Intel made a bunch of announcements at the Association for Computing Machinery's (ACM) Special Interest Group on Graphics and Interactive Techniques (SIGGRAPH) show, including a new software development kit (SDK) for media application development.
At SIGGRAPH in New Orleans, Intel announced a new tool for simplifying the development of hardware accelerated video applications, the Intel Media Software Development Kit. The new SDK provides a single interface to optimize performance and accelerate video applications for processors and graphics chipsets.
Intel officials said media applications from developers such as Avid, Corel, Cyberlink and Nero will gain improved performance on future Intel platforms, like the previously announced Larrabee graphics architecture, without recoding.
The Intel Media SDK is an advanced software development tool designed to help media developers access hardware acceleration for video codecs. The tool gives media developers a standard API for creating video solutions for professional and consumer uses. It also provides optimized routines for delivering maximum video performance on a variety of platforms, as well as improved productivity for development teams through greater efficiency. And the SDK delivers built-in future proofing of video applications with support for upcoming platforms.
Meanwhile, also at SIGGRAPH, Intel made available version 2.2 of Intel Threading Building Blocks, which the company says is the most widely used high level programming method for parallelism. Intel TBB 2.2 maintains the functionality and platform support of previous versions and adds numerous feature and performance improvements, including full support for the lambda capabilities of the new C++ draft standard, C++0x, and more flexibility for independent software vendors (ISVs) to redistribute with applications using Intel TBB. Autodesk Maya and Epic Games Unreal Engine are among the applications that will be reshipping some or all of Intel TBB 2.2 to support ecosystem developers, Intel officials said.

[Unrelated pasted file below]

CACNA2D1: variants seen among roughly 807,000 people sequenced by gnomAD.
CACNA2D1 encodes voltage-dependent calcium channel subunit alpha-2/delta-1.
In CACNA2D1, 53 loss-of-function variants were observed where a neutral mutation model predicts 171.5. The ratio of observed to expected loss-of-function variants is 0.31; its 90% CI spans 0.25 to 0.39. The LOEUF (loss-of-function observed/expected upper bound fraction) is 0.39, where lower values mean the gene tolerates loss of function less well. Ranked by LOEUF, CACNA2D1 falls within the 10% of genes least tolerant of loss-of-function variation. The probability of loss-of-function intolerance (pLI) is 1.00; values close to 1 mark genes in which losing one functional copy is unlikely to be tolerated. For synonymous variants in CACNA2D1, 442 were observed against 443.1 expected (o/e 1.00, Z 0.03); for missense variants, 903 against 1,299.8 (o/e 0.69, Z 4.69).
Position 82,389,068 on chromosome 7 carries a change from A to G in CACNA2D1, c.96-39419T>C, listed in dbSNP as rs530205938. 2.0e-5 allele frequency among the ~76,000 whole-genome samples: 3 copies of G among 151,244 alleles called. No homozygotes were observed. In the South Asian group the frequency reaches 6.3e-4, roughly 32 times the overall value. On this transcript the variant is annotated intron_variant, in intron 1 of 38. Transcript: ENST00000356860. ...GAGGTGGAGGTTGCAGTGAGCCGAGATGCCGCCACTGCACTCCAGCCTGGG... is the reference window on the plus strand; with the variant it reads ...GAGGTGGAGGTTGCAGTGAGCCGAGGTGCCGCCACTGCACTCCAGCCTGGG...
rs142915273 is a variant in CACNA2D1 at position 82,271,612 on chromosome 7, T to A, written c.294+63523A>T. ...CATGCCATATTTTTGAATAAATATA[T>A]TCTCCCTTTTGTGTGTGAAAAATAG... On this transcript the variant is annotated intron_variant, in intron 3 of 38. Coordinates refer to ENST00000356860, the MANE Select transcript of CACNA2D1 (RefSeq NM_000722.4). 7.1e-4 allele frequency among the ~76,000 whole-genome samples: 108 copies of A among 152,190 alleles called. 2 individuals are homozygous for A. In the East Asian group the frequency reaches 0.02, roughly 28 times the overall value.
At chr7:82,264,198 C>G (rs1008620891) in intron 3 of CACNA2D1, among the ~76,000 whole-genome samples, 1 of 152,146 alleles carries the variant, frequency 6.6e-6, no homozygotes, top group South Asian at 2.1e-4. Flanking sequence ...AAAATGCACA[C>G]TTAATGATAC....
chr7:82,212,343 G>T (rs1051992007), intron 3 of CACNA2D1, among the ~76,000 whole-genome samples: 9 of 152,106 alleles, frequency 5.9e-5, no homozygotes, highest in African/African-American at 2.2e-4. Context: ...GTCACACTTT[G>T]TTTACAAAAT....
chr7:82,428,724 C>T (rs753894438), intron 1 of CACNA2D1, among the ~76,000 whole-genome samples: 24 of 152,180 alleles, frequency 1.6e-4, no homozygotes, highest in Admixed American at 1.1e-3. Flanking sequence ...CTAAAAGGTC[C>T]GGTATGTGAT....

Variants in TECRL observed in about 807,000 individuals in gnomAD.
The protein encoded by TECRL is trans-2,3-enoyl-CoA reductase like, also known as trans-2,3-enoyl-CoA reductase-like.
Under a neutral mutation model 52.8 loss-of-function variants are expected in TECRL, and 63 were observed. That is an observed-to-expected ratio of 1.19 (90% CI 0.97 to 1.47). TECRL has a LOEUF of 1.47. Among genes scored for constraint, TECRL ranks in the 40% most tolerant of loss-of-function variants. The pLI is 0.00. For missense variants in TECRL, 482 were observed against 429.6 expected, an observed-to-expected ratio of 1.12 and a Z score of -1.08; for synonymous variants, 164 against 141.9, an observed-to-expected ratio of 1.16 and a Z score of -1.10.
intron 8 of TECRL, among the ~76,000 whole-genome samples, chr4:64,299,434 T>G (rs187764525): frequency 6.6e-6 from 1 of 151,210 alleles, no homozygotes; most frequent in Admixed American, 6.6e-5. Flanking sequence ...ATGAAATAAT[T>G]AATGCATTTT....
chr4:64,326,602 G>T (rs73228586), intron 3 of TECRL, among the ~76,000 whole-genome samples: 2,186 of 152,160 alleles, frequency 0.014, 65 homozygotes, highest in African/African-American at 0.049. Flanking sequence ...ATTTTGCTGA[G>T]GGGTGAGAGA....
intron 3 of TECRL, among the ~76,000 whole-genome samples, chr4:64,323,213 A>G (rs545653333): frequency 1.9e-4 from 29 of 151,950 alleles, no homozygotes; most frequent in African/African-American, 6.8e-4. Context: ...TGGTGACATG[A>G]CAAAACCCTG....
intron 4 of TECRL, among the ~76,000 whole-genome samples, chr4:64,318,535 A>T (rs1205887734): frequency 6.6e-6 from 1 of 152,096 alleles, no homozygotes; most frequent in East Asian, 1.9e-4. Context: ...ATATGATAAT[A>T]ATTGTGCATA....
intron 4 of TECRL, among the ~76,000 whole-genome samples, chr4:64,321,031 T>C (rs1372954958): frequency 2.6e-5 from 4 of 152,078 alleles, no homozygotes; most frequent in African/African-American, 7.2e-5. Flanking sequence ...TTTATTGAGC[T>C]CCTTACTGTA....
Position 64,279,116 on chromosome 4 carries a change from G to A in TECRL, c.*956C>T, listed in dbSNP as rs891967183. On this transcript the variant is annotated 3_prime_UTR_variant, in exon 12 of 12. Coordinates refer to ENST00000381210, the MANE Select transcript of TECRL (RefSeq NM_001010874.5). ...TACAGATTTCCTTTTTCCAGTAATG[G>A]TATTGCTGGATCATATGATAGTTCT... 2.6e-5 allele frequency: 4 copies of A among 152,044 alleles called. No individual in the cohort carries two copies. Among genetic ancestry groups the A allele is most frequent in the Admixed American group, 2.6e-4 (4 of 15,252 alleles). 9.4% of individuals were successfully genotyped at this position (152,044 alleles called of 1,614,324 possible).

In May, Intel began shipping its Intel Parallel Studio, a tool set designed to help Windows developers write parallel computing applications. James Reinders, director of Intel Software Development Products, called the studio an on-ramp to parallelism for C/C++ developers using Microsoft Visual Studio.
And in a third SIGGRAPH announcement, Intel made a move to bolster education and experimentation in PC game development, by announcing its sponsorship of the Dare to be Digital game development contest and Phase 3 winners of the $1 Million Intel Make Something Unreal Contest. In conjunction with the Intel Academic Community, Intel is sponsoring the University of Abertay Dundee's Dare to be Digital contest by providing hardware and software tools for the 10-week game development competition for students. Additionally, Intel and Epic announced winners for Phase 3 of the $1 Million Intel Make Something Unreal Contest recognizing breakout modifications for Unreal Tournament 3. Phase 4 of the contest closes on August 31.
More information on this can be found at http://software.intel.com/sites/billboard/.